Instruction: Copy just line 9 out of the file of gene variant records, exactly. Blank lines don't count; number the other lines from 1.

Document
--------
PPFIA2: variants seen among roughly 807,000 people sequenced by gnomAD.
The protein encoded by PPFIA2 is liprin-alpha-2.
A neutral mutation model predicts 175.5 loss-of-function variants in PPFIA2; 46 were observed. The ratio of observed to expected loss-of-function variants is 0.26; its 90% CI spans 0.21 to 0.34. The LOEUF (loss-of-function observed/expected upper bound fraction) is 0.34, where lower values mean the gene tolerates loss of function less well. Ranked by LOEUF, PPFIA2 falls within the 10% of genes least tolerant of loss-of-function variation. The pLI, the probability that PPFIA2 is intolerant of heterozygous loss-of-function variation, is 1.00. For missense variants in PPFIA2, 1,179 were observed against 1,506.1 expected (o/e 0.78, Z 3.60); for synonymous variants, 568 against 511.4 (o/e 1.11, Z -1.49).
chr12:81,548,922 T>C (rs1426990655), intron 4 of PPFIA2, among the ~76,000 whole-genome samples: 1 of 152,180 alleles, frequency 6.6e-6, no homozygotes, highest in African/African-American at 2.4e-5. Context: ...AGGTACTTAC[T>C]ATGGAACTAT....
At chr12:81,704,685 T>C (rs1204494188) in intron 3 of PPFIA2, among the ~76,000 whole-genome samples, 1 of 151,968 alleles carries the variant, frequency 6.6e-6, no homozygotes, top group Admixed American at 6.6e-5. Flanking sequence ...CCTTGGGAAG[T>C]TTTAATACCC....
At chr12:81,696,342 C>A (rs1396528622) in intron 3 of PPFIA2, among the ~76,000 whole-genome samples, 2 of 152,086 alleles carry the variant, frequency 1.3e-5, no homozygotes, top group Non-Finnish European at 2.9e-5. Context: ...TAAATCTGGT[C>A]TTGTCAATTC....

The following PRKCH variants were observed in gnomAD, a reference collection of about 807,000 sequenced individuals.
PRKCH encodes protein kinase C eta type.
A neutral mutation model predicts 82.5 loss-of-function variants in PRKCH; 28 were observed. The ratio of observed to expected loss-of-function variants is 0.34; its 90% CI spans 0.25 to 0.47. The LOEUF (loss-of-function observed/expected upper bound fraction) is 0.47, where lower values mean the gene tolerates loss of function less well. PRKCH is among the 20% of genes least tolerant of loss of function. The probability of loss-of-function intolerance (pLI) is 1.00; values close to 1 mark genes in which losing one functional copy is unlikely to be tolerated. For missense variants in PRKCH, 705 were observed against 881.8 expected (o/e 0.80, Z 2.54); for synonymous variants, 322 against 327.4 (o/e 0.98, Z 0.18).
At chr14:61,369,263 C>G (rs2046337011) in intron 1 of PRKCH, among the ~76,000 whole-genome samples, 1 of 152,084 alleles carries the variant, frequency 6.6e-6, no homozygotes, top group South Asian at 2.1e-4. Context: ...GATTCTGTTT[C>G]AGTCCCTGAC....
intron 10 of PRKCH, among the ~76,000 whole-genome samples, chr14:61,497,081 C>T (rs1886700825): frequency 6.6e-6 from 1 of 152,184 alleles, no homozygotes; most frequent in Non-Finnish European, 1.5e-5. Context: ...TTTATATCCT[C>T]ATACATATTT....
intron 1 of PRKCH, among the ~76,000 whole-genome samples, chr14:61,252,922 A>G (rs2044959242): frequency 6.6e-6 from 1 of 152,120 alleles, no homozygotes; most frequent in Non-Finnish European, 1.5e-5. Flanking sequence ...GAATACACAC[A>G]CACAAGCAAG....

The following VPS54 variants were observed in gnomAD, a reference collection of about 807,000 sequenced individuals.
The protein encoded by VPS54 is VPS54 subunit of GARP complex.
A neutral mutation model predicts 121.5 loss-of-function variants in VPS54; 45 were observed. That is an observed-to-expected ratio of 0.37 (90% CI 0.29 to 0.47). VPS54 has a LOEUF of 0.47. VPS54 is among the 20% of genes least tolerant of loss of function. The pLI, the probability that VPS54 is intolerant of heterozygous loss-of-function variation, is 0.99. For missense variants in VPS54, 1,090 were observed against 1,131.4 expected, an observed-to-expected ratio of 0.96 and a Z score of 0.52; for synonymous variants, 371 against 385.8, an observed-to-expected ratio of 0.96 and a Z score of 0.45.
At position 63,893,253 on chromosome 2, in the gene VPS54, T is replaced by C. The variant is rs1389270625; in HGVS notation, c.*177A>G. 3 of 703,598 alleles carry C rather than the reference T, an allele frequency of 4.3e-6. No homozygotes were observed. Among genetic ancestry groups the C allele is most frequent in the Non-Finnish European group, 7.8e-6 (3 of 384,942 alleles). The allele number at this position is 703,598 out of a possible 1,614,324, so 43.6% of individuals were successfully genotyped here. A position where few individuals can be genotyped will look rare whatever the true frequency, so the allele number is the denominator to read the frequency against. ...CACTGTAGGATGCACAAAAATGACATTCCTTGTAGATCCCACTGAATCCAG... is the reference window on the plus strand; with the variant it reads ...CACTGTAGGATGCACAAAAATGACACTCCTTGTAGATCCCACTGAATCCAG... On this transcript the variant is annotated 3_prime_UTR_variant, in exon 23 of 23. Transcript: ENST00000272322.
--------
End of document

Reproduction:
A neutral mutation model predicts 82.5 loss-of-function variants in PRKCH; 28 were observed. The ratio of observed to expected loss-of-function variants is 0.34; its 90% CI spans 0.25 to 0.47. The LOEUF (loss-of-function observed/expected upper bound fraction) is 0.47, where lower values mean the gene tolerates loss of function less well. PRKCH is among the 20% of genes least tolerant of loss of function. The probability of loss-of-function intolerance (pLI) is 1.00; values close to 1 mark genes in which losing one functional copy is unlikely to be tolerated. For missense variants in PRKCH, 705 were observed against 881.8 expected (o/e 0.80, Z 2.54); for synonymous variants, 322 against 327.4 (o/e 0.98, Z 0.18).